Companies, especially B2B companies, are investing tons of resources into their content marketing.
But, as stated by a SiriusDecisions survey, 60% of content created by B2B companies never get used.
So there’s clearly a problem. B2B companies are proficient in creating content, but aren’t able to utilize it effectively. Once a piece of content has been created, the entire process comes to a halt. The crux of the matter lies in distribution – how to get the content you created in front of as many eyeballs as possible.
Here are two distribution strategies that B2B companies should implement into the over marketing.
#1: Master the Art of Content Outreach
As mentioned in the intro, the content creation itself isn’t the problem. Marketing departments are well versed in content creation. The question is, in what stage of the process should the creation comes?
It seems that most companies follow this process:
- Ideation – coming up with the topic
- Research – gathering data and knowledge
- Creation – the actual writing
Related: Outsourcing Content: Where To Look And Tips For Getting It Done [GUEST POST]
- Distribution – pushing the published content through social media & content discovery platforms OR trying to get in published on third-party websites
The main problem identified in this process is that the distribution comes at the end. Let me explain.
Obviously you can’t distribute content on social media prior to creating it. But, if you’re aiming to have your content published on third party sites, you should definitely plan the distribution angle ahead.
In certain cases, the value of publishing your content on third-party sites exceeds that of publishing on your own site. While publishing content on your own site helps drive traffic (assuming you promote it through social channels), having your content and byline on relevant, industry-related sites can give you a serious boost in credibility and brand awareness.
In order to achieve that, the best tactic for distributing content is contacting your target publications before you start writing. Reach out to the editor, introduce yourself, your background and your expertise and if you have previously published content, include links to your best work.
Offer the editor to write for their publication and make sure to indicate that you’ll customize your content to fit their audience. You can also ask if they have a specific topic they’re interested in currently.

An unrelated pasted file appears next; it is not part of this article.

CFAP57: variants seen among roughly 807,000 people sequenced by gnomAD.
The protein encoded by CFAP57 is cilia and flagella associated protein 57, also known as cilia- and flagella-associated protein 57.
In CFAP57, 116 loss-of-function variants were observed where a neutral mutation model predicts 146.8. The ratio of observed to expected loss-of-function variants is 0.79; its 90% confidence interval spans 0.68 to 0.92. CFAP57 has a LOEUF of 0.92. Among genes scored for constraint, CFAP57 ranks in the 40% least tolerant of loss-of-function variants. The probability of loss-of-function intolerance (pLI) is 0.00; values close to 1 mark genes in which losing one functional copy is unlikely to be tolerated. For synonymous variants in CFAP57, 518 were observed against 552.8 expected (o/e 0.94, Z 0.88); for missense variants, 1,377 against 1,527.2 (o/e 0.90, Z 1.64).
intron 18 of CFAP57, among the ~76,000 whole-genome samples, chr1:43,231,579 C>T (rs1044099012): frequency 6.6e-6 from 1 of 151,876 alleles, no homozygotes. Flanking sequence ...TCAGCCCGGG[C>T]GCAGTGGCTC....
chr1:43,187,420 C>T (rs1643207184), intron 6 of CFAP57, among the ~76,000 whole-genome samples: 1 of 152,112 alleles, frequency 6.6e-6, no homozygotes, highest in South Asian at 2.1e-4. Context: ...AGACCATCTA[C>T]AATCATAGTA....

When you get a response, that’s your time to pitch your idea. Include a title and a short summary of the main points you wish to cover. The editor will either approve your pitch, suggest adding this or that or tackling a different angle, or reject it all together, thanking you for your time. In case you get the green light, the editor will also direct you to their Writing Guidelines, which you need to follow.
Now it is abundantly clear why the distribution process should come before the writing itself. What are the chances that an article you’ve written without consulting the editor will fit their requirements? Pretty slim.
Related: Influencer Interview Series: Jan Barbosa Marries Content Marketing and PR
#2: Using Influencer Marketing to Enhance Your Online Presence.
Don’t mistake the term “influencer marketing” for mini-celebs posing on Instagram with products. These days, influencers are positioning themselves as valuable marketing material for the B2B sphere as well.
84% of marketers plan on using influencer marketing in 2017.
A mention from a thought-leader in your industry can deliver a massive boost to your brand awareness among a very segmented audience. But as every other marketing strategy, influencer marketing needs to be planned and executed with care.
The first step is to realize who is the best influencer to carry your brand message. You can do the Google thing or the LinekdIn thing, or you can use online platforms and find influencers using HYPR, a dedicated tool exactly for that (which goes to show you how this form of marketing has taken off.)
Related: The Five Elements of Quality Content (According to an End-user)
The next step would be to figure out how the influencer will introduce your brand. Most influencers – at the least those with serious influence – would be reluctant to promote a product or service they don’t firmly believe in; their professional integrity is on the line and it’s much more valuable for them then what you’ll pay them.
Also, don’t expect an “I use product X all the time and must say I mighty happy with it” – those days are long gone. Finding the right way to introduce your brand will take time and careful consideration. It should appear natural, and honest. So be patient with this, and work together to find the ideal place and context to promote your brand. It would work for your benefit as well; when folks feel that they’re being sold to they immediately turn on their defenses.
Related: Stick to these Three S’s for Creating Viral Video Content
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These two content distribution strategies go hand in hand and are immensely effective in enhancing a brand’s online presence. As content is shaping up to be to go-to marketing strategy for B2B brands, it is crucial for marketers to understand better not just how to create content, but also how to distribute it among relevant, targeted audience.
Assaf Dudai is the head of content for eTraffic, a Web marketing agency specializing in SEO and content for B2B companies. Assaf is writing on all things relating to online marketing, from content to personalization to distribution and personal branding. You can connect with Assaf on LinkedIn.
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